From my Journal:
My mother warned me. “Never be an artist! It’s all or nothing. Artists are the most selfish people in the world!… but if you are an artist… there’s no help for you.”/
Working on this piece, having painted over my last effort on this same surface, has me thinking about failure. Not in general, but of how these failed efforts are a confirmation that I’m still learning. I had a surface to work with: a painting that hadn’t worked–covered it over with gesso. On the table, there were strips of canvas from paintings I’d trimmed after stretching. I coiled and looped them, stapled them to the board. I drew a figure on the left (it doesn’t show very well in this photo… something to remedy? or not?), then cut out another figure and stapled that over it. I found a rusted wire ladder on the street, and placed that over the figures. Then began painting. Didn’t like what I had—tore some of the canvas loose… and found that I liked the white which that had exposed. Slashed white paint on those exposed areas for greater emphasis, and on some of the canvas strips. I don’t know where this one is going, whether I can finish it and move on, or whether I will cover it in turn with gesso and begin again with something different.
But then..what makes one piece a failure, and other a success? For me… for my own satisfaction? A complicated question. I’ve been drawing several hours a day for the last few weeks. At last—keeping to a satisfying discipline, and seeing improvement. Mostly, anatomical drawings, using drawings from old masters. The outline of the figure here is a child of that work. Almost hidden, covered over by the cut-out canvas. I think I’ve pushed past the need to prove myself… to myself… that I’m good enough to draw the human figure. It had been a lack of confidence in precisely this that had played a large part in derailing my pursuit of art 40 some years ago—something that has continued to puzzle me. What happened to me then—when I see from drawings that I had made, no evidence of lack of ability? A need for training, practice—and a few years of disciplined work, yes—but no lack of native ‘talent.’ Having come to this point, I
wanted to write out my thoughts—sound out for myself, what I’m doing, where I want to go. And maybe, understand better what had set me off on such a long, long detour from the only thing I’ve ever really wanted to do, that in that, I might know better what my goals are now.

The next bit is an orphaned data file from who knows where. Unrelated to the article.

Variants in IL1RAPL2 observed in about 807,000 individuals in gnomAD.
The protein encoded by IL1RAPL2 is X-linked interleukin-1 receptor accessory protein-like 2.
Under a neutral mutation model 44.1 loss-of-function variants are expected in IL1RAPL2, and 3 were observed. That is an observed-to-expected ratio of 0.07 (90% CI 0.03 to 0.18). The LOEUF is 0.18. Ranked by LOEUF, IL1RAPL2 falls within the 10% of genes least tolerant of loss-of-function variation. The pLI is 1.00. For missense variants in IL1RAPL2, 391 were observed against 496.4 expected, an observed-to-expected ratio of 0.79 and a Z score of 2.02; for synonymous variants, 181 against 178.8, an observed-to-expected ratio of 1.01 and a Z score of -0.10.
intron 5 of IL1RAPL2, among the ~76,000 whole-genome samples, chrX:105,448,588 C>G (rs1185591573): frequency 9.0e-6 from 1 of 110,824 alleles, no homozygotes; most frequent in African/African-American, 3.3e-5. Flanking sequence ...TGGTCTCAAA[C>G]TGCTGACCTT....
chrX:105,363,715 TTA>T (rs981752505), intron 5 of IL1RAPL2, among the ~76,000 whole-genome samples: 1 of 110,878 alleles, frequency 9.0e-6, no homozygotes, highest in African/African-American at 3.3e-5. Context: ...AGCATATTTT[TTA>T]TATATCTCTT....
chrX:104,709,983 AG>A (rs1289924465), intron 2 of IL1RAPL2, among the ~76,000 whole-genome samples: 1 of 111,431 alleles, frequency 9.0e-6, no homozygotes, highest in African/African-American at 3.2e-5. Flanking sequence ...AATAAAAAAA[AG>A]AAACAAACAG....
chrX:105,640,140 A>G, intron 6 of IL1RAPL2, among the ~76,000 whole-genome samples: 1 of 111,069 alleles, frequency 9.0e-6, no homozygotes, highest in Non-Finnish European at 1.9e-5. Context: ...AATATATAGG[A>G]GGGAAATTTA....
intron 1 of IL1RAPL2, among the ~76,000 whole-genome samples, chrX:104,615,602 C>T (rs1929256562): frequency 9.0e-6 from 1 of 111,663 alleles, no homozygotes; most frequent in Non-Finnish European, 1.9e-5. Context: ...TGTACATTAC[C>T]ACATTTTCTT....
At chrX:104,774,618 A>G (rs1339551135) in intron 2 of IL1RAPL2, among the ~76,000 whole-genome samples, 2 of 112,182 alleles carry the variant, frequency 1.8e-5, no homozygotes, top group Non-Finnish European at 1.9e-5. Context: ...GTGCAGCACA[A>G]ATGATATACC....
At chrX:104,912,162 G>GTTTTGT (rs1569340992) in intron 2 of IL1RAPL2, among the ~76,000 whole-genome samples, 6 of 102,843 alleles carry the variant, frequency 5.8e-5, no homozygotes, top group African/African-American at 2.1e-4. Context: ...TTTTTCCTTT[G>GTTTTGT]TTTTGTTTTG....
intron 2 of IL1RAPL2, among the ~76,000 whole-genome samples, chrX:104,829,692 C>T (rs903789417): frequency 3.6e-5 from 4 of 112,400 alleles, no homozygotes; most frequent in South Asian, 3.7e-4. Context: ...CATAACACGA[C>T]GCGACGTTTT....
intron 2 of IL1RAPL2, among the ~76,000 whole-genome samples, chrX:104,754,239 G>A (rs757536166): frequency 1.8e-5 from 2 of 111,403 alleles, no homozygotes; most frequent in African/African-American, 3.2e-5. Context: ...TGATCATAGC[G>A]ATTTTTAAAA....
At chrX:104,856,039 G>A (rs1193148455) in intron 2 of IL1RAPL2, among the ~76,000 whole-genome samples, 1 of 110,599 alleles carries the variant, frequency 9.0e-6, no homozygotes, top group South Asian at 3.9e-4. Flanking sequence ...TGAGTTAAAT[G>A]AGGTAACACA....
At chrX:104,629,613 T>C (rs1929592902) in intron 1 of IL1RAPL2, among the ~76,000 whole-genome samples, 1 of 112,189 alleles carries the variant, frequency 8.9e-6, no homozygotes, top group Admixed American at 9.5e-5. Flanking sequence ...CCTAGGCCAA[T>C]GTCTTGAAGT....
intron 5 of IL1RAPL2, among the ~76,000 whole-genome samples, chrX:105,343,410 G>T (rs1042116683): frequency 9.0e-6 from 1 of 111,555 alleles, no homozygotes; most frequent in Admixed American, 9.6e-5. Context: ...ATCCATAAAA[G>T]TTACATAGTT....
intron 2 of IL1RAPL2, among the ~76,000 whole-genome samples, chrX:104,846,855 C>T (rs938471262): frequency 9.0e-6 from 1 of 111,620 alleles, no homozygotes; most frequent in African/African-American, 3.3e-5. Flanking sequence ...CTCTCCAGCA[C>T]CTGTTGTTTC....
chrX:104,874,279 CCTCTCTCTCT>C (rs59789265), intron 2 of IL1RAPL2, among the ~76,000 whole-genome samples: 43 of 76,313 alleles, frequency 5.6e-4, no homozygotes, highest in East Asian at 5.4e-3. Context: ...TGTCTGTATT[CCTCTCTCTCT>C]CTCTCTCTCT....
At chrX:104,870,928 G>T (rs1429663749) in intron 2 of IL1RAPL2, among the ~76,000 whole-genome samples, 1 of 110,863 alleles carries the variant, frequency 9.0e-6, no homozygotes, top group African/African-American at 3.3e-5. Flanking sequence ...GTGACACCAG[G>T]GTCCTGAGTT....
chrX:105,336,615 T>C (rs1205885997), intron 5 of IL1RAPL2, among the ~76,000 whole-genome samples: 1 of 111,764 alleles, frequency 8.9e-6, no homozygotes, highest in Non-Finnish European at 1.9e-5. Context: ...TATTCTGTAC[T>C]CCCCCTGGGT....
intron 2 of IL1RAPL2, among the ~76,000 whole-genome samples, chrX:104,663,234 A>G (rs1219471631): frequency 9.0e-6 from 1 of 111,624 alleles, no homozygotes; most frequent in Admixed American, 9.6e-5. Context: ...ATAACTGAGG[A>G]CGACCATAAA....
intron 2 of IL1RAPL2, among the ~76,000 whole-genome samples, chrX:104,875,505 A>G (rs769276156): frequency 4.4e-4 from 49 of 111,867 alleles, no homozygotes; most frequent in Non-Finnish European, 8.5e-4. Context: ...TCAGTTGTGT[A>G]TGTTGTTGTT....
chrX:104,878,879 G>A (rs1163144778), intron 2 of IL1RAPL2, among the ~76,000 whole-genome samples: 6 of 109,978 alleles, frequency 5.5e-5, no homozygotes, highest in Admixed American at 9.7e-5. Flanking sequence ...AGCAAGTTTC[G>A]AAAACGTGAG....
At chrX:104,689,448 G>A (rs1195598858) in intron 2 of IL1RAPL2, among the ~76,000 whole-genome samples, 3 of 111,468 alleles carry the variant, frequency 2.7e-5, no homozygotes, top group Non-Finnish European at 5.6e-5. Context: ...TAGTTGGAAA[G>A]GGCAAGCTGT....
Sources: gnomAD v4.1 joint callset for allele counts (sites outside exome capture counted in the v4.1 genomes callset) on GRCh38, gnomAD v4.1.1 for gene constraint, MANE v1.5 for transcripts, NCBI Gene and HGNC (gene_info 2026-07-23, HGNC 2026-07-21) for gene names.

Goals. Yes–though on the one hand, I hold a deeply set conviction that what I mean by, goals, I will never see but through their unveiling one new work at a time, and yet—by admitting that I do have goals, that with each piece I make, I’m seeking out some future vision; that while it’s still play, it’s play not for the moment alone, but for the moment it makes possible for me in the next work, and the next, and the next.
That takes me back to my opening question. What makes one piece a failure, and another, a success—if not, that it further reveals… brings me closer, to that always invisible goal—or leaves it hidden. There’s what makes the failures so disturbing—makes the whole process both so exhilarating, and scary. A failure can be either—confirmation that one is pushing into new territory, learning, still learning… or it could be the end. That the goal… whatever that will-a-the-wisp that is the only light to follow… has gone out. And there’s nothing left.
It’s really like that. All or nothing. Maybe that—and doubts about my drawing skills—but I knew that for me… maybe not for everyone, but for me—that I knew it would be that way…that this was, would be, for me… life or death. One of those fanatics people are so afraid of… but I don’t kill people…
I still don’t know what it’s about. What worth any of this has in the world beyond my obsession? I do know… that I’ve bitten the poison.
My mother warned me. “Never be an artist! It’s all or nothing. Artists are the most selfish people in the world!… but if you are an artist… there’s no help for you.”